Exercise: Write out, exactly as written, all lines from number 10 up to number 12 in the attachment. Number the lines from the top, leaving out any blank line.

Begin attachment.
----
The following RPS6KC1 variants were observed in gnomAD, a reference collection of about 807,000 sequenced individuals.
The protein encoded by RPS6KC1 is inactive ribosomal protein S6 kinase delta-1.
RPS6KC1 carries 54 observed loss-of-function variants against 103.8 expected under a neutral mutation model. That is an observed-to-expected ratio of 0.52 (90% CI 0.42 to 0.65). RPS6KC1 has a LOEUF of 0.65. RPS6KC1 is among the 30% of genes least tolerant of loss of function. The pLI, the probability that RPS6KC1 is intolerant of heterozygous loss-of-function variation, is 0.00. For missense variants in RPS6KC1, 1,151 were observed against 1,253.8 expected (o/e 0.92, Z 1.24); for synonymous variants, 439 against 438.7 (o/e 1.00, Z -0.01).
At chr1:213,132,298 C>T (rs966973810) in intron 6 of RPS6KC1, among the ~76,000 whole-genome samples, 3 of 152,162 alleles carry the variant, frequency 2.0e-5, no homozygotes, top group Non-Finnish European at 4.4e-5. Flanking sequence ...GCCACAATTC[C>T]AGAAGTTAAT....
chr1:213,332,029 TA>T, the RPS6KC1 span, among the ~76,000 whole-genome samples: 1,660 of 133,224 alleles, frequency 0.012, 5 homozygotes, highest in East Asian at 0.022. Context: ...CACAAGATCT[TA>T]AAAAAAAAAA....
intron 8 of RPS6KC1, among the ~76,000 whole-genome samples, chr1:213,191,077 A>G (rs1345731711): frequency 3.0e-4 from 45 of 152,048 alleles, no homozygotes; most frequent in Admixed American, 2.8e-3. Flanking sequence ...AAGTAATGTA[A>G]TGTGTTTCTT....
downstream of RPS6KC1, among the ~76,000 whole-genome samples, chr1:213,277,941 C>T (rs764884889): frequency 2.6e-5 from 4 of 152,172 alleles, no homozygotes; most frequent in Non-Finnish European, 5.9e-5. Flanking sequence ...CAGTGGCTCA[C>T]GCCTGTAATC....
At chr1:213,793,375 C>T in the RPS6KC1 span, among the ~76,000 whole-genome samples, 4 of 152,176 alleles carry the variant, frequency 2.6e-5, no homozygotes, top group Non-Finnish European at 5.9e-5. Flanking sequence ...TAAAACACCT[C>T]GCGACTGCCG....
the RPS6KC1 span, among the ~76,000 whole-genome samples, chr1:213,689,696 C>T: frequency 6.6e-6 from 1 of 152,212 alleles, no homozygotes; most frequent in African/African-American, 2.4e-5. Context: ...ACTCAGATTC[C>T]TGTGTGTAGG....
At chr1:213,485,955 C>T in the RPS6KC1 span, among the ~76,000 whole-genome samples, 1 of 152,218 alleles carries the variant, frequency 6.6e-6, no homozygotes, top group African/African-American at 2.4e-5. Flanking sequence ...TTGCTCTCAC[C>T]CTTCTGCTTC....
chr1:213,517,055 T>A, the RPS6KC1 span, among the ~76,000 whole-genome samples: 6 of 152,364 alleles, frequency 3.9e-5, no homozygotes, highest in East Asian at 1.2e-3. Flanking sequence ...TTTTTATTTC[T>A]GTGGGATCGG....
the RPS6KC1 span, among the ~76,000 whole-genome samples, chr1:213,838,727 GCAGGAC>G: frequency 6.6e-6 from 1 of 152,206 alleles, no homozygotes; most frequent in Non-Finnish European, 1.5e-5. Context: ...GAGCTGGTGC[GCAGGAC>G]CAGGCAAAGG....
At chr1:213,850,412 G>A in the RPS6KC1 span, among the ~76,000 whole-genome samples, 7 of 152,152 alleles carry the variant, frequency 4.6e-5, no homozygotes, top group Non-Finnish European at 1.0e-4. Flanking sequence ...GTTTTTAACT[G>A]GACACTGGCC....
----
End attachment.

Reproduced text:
At chr1:213,485,955 C>T in the RPS6KC1 span, among the ~76,000 whole-genome samples, 1 of 152,218 alleles carries the variant, frequency 6.6e-6, no homozygotes, top group African/African-American at 2.4e-5. Flanking sequence ...TTGCTCTCAC[C>T]CTTCTGCTTC....
chr1:213,517,055 T>A, the RPS6KC1 span, among the ~76,000 whole-genome samples: 6 of 152,364 alleles, frequency 3.9e-5, no homozygotes, highest in East Asian at 1.2e-3. Flanking sequence ...TTTTTATTTC[T>A]GTGGGATCGG....
the RPS6KC1 span, among the ~76,000 whole-genome samples, chr1:213,838,727 GCAGGAC>G: frequency 6.6e-6 from 1 of 152,206 alleles, no homozygotes; most frequent in Non-Finnish European, 1.5e-5. Context: ...GAGCTGGTGC[GCAGGAC>G]CAGGCAAAGG....